ton," by J. BurgosoD, was rendered in such
a manner that the audience was continually
convulsed with laughter. One of his droll
remarks was this: "I love any kind of gas.
Tbere'8 hydrogen, oxygen and Holland gin ;
in fact every kind of gin. O, my eye! it's
dry, and so am I." The evening entertain
ment was concluded by the roaring farce,
called the "Dancing Dutchman." Music was
furnished by Price's Orchestra, of course,
and between some of the acts a young lady,
from Galena, sang three serio-comic songs,
and received therefor thunders of applause
from the rear of the room. The scenery used
was very creditable to the company, and we
confess that we were agreeably surprised at
the display of taste iu its arrangement.
Alexis.
he
of
Strawberries—An Estimate of the Crop.
Strawberries are giving place to raspber
ries and the latter are now begining to come
into market. Blackberries are also appearing
\ n small quantity. The strawberry season
has been a little longer than last year and
has been of some profit to the growers. There
have gone into market from the Delaware
Peninsula, over the Delaware Railroad, about
4,710,000 quarts of strawberries since the
opening of the season on May 29. In the ID.,
transportation of these berries three daily
trains were required the greater part of the 1
season. Of car loads there were about 785,
of which 552 were consigned to Jersey City,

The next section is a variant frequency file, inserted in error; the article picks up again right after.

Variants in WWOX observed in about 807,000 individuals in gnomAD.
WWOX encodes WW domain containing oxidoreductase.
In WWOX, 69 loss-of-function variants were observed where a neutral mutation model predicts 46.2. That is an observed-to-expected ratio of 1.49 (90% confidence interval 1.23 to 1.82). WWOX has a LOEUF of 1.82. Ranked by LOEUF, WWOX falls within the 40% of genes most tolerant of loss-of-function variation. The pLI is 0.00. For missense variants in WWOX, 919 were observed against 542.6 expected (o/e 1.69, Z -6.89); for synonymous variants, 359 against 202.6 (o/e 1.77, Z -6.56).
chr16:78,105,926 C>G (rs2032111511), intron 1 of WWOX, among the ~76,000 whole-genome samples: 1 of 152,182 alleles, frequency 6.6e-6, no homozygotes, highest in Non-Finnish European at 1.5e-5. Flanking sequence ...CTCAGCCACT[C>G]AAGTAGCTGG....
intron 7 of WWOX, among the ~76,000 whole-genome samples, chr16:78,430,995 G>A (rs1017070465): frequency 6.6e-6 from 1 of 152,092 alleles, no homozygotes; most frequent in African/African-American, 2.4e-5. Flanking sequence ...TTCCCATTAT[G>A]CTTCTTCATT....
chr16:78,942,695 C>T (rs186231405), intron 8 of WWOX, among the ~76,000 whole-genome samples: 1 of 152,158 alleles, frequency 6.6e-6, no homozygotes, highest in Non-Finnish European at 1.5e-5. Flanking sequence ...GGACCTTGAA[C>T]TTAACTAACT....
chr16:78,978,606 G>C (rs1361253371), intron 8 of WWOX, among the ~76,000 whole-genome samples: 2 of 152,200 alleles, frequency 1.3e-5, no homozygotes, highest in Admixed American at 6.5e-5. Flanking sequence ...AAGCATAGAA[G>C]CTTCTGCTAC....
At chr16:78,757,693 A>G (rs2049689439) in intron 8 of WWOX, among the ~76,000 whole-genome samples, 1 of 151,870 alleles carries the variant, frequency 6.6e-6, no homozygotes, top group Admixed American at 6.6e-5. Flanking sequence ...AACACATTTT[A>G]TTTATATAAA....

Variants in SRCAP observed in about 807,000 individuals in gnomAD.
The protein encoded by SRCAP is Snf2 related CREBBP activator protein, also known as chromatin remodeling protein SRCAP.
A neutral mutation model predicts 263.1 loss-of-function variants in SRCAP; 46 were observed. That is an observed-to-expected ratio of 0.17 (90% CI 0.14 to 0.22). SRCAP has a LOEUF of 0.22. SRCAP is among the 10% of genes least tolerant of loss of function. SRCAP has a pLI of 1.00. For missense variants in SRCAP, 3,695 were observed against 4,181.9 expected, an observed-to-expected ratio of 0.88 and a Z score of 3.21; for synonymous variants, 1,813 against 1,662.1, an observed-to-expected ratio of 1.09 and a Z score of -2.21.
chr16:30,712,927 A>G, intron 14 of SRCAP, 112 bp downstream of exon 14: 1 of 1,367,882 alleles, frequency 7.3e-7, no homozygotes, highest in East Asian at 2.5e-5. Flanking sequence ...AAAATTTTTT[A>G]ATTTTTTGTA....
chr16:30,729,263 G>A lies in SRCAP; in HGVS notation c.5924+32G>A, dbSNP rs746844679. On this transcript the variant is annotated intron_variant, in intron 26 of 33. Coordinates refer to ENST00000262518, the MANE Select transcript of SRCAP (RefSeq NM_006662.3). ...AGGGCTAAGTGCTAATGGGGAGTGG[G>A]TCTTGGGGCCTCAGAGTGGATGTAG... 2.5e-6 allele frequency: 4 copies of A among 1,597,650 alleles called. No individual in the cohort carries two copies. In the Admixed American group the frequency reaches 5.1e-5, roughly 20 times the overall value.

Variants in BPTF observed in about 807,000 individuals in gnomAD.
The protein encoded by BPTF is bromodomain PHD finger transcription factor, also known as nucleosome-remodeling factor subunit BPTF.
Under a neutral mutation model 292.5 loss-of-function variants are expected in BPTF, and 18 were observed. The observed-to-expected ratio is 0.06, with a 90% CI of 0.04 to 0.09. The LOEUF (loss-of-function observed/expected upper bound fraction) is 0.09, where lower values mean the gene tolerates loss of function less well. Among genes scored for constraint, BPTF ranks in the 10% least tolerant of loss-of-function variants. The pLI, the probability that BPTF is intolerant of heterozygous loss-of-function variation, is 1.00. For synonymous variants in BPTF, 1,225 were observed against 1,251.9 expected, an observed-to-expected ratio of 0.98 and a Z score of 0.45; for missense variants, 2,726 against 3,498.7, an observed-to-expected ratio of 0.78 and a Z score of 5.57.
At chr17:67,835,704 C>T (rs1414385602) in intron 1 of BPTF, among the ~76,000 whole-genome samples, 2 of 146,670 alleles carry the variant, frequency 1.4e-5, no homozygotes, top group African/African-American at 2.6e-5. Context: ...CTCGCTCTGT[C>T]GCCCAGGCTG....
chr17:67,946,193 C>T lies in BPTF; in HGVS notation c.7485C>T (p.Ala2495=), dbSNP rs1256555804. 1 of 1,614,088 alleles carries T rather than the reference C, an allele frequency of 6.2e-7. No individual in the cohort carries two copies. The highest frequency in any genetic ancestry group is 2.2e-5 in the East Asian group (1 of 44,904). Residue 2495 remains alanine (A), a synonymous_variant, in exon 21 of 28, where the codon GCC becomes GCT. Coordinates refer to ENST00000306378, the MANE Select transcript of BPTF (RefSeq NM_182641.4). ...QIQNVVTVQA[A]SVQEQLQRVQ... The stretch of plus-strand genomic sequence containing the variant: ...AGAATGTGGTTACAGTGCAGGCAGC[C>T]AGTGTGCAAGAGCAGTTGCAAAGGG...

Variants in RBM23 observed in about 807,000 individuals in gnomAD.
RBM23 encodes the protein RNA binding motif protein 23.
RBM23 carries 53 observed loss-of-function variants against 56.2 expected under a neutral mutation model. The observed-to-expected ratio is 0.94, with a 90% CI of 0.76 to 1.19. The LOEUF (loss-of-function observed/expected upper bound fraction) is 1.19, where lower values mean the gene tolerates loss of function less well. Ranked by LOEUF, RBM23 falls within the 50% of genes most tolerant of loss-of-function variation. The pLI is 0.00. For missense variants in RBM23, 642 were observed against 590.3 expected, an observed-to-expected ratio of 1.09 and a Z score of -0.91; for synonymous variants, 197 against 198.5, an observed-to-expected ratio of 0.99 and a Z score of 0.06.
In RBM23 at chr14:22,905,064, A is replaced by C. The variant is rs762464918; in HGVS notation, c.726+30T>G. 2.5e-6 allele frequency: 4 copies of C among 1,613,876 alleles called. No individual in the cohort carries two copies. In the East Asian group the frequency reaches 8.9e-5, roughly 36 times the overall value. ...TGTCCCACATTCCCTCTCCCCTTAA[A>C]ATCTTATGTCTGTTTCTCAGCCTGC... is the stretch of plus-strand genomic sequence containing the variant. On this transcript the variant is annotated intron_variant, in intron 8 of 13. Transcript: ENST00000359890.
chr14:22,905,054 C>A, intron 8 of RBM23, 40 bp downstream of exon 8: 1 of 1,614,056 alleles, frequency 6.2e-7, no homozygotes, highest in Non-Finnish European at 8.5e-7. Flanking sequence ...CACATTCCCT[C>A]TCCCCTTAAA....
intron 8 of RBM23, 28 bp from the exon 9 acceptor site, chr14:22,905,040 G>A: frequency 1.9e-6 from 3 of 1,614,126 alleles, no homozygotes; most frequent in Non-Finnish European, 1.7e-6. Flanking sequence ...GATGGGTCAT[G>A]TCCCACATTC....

35 to Boston and 198 to Philadelphia, the
latter being estimated. The others are offi
cial. Reduced to quarts, the quantities de
livered to these cities were : To Jersey City,
3,312,000; to Boston,2,100,000 ; to Philadel
phia, 1,188,000. New York was also largely
supplied by the Old Dominion Steamship
Company from Lewes,which carried probably
not less than 1,000,000 quarts, giving 5,710,
000 quarts entire marketable product of the
peninsula, exclusive of the quantities sold in
the local markets. Seven cents per quart is
thought to be a fair average of the prices
obtained, and if we deduct from this four
the estimated cost of the cultivation
and marketing of the crop, we bave left a
margin of three cents as the net profit to the
growers. Applying this figure to the quantity
shipped, we have as the net profit of the
strawberry yield for the season now closing
$171,300. In other words, the strawberries
bave brought to the peninsula farmers this